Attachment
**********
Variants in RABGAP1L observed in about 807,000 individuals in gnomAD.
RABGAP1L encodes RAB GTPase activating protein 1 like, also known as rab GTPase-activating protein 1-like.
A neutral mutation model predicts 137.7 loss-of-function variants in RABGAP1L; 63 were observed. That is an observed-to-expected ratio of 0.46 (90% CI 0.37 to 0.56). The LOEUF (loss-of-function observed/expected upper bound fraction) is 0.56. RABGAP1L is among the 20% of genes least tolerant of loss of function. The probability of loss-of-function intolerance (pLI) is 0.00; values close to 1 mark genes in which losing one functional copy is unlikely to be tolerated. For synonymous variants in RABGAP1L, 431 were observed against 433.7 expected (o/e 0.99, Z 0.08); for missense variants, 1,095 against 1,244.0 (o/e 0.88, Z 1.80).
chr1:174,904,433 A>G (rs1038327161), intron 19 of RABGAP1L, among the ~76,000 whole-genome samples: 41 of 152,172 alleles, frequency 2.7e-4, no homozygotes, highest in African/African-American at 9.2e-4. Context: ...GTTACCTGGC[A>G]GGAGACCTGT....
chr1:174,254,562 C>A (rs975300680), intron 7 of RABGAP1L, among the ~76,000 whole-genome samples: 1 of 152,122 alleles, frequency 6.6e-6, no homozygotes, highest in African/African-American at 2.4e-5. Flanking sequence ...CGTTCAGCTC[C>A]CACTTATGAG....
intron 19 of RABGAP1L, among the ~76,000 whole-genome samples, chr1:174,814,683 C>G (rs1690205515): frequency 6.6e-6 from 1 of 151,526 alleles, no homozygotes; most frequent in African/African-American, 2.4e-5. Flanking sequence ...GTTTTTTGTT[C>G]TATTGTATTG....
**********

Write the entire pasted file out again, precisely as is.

Variants in RABGAP1L observed in about 807,000 individuals in gnomAD.
RABGAP1L encodes RAB GTPase activating protein 1 like, also known as rab GTPase-activating protein 1-like.
A neutral mutation model predicts 137.7 loss-of-function variants in RABGAP1L; 63 were observed. That is an observed-to-expected ratio of 0.46 (90% CI 0.37 to 0.56). The LOEUF (loss-of-function observed/expected upper bound fraction) is 0.56. RABGAP1L is among the 20% of genes least tolerant of loss of function. The probability of loss-of-function intolerance (pLI) is 0.00; values close to 1 mark genes in which losing one functional copy is unlikely to be tolerated. For synonymous variants in RABGAP1L, 431 were observed against 433.7 expected (o/e 0.99, Z 0.08); for missense variants, 1,095 against 1,244.0 (o/e 0.88, Z 1.80).
chr1:174,904,433 A>G (rs1038327161), intron 19 of RABGAP1L, among the ~76,000 whole-genome samples: 41 of 152,172 alleles, frequency 2.7e-4, no homozygotes, highest in African/African-American at 9.2e-4. Context: ...GTTACCTGGC[A>G]GGAGACCTGT....
chr1:174,254,562 C>A (rs975300680), intron 7 of RABGAP1L, among the ~76,000 whole-genome samples: 1 of 152,122 alleles, frequency 6.6e-6, no homozygotes, highest in African/African-American at 2.4e-5. Flanking sequence ...CGTTCAGCTC[C>A]CACTTATGAG....
intron 19 of RABGAP1L, among the ~76,000 whole-genome samples, chr1:174,814,683 C>G (rs1690205515): frequency 6.6e-6 from 1 of 151,526 alleles, no homozygotes; most frequent in African/African-American, 2.4e-5. Flanking sequence ...GTTTTTTGTT[C>G]TATTGTATTG....